Debate over systemic risk of asset management intensifies

first_imgThe debate over whether the asset management industry poses systemic risk is heating up after US lawmakers dismissed a report from the Office for Financial Research (OFR).In September 2013, the research body released a report, Asset Management and Financial Stability, which highlighted four potential vulnerabilities to the US financial system.The OFR was created in the wake of the financial crises and serves part of the US Treasury, responsible for providing research for the Financial Stability Oversight Council (FSOC).Its report warned that managers ”herding” into asset classes, in search of yield, could push up prices and magnify volatility. It said investment vehicles with unrestricted redemption rights also posed a threat, as did managers selling other assets to cover redemptions, leading to stress contagion in those assets.It also highlighted what it considered to be excessive leverage in the industry.However, according to a letter seen by the Reuters news agency and sent to Jack Lew, secretary to the US Treasury, a bi-partisan group of five Senators has rejected the study.The letter said the study mischaracterised the industry and could damage the credibility of the OFR and FSOC.It also requested the FSOC not to base any policy or regulation on the contents of the study, which they said relied on faulty information in places.Concerns over the asset management industry and what security measures – such as financial buffers – would mean have also been debated in Europe.Earlier this month, the Financial Stability Board (FSB), the international body set up after the 2009 G20 summit to monitor global financial systems, said it would consult with the industry regarding systemic risk.Its consultation focused of identifying which organisations were sufficiently large, complex and systemically connected to cause disruption to the wider system.The FSB said it would not currently designate any specific entities in the category.But it added that, once its methodology of identifying them was complete, it would develop policy measures.Tom Brown, partner in KPMG’s investment management practice, said the FSB’s proposal was still a long way from policy.However, he pointed out that the FSB and the US Treasury’s papers currently differed on what the target of said policies might be.The FSB’s rationale is more towards looking at systemic risk at fund level, with the OFR’s paper more inclined towards asset managers.Brown said: “Focusing on the funds seems sensible, as there is a principal/agent relationship between the fund and the manager, so the real economic exposure is at the fund level.“It’s intellectually flawed focusing on the manager. If there is systemic risk, it lies with the fund.”He said potential outcomes could be limitations on counterparty risk, leverage and concentration, but he argued that this was still unclear and would depend on fund size.Sheila Nicoll, financial services senior adviser at Ernst & Young, said the debate concerning systemic risk in asset management would continue.“If they do decide fund management activity can have a systemic impact, the remedies will not be the same as those for banking – capital is not necessarily the answer,” she said.last_img read more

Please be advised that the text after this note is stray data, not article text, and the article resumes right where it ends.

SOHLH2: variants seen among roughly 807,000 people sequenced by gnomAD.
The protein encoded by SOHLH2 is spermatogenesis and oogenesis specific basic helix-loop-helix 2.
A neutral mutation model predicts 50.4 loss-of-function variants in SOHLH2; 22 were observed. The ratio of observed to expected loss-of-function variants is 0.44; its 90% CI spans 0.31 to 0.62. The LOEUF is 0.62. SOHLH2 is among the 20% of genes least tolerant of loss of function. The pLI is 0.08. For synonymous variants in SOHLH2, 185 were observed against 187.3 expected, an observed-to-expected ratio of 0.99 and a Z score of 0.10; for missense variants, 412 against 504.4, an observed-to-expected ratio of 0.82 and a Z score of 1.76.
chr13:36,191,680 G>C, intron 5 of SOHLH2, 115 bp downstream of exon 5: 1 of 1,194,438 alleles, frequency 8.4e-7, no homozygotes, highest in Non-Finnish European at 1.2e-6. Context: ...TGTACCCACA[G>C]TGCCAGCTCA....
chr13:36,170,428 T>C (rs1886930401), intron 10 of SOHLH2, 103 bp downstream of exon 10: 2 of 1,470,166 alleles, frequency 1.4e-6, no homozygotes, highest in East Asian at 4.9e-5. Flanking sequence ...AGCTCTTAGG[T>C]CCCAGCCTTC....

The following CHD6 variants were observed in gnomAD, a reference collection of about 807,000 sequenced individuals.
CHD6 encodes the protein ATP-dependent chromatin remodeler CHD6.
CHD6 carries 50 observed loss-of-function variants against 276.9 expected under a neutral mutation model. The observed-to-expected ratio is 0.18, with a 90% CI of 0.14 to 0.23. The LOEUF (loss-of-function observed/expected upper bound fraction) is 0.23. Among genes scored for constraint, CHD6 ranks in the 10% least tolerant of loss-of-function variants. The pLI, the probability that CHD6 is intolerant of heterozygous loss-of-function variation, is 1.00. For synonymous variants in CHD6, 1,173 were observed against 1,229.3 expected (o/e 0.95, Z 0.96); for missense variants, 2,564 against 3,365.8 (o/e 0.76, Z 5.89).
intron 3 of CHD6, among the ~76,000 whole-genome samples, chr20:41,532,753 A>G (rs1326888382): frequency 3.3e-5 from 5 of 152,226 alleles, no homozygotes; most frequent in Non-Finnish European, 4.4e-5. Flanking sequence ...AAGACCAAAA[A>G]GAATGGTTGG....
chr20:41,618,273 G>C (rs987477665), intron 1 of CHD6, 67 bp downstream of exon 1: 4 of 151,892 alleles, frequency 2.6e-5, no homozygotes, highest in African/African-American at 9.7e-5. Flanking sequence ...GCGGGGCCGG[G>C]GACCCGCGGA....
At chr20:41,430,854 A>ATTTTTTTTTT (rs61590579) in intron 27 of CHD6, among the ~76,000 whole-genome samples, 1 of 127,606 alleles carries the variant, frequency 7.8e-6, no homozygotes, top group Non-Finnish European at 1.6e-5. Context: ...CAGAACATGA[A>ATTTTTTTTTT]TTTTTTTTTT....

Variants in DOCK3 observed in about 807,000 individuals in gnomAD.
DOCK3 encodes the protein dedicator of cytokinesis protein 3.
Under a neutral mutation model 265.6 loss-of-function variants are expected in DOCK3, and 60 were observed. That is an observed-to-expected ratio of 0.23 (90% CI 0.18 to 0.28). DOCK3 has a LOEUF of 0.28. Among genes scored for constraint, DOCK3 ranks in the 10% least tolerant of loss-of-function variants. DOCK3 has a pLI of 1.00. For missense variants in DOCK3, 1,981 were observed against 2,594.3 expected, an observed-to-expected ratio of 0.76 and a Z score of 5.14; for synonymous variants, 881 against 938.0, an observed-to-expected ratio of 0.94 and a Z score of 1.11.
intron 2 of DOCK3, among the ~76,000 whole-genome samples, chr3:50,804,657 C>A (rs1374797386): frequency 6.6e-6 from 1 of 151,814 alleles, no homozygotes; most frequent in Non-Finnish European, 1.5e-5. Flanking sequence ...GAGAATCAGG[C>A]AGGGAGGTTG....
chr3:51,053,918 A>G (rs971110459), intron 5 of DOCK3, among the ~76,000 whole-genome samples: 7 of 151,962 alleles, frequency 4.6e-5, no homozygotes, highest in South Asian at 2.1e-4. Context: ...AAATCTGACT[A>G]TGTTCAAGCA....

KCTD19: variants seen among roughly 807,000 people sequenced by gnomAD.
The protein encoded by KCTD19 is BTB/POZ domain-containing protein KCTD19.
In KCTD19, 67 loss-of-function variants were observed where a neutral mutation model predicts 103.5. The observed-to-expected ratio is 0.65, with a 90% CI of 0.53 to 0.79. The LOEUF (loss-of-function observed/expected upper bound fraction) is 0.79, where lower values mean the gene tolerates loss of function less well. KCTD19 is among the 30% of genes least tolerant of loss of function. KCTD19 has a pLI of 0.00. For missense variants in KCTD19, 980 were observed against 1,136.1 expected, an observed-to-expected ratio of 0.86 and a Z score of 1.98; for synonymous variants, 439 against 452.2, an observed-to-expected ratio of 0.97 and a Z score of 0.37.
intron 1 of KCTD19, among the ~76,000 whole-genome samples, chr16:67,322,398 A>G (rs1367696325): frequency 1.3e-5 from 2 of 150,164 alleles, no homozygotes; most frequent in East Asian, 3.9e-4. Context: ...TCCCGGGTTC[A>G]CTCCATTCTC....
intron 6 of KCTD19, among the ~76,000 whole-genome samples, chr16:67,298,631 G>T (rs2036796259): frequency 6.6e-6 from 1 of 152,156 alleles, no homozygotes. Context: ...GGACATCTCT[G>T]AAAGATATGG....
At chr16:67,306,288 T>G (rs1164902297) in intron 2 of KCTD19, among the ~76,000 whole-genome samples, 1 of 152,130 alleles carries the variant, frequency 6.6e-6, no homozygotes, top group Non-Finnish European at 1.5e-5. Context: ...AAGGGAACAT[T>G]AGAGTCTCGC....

Adam ‘Pacman’ Jones agrees to plea deal including jail time, alcohol probation

first_imgJones has spent the bulk of his 12-year NFL career in Cincinnati. He joined the Broncos for seven games in 2018 before being released in November. Related News Dez Bryant on free agency: ‘I will be a steal wherever I go’ Cam Newton swears off sex for a month to become ‘mentally stronger’center_img Adam “Pacman” Jones’ latest fiasco will force him to serve some time behind bars.The former Bengals cornerback was arrested for cheating at the Rising Star Casino in Indiana last month. He agreed to a plea deal that will require him to spend 10 days in jail and restrain from drinking alcohol for 18 months, according to a report from TMZ Sports. The 35-year-old has lost the right to carry firearms or other dangerous weapons without the permission of his probation officer during this period. He has also been banned from the Casino.Jones faced several charges after the incident, including felony intimidation, felony battery against an officer and multiple misdemeanors. He is no stranger to run-ins with the law and has dealt with various legal issues in the past.last_img read more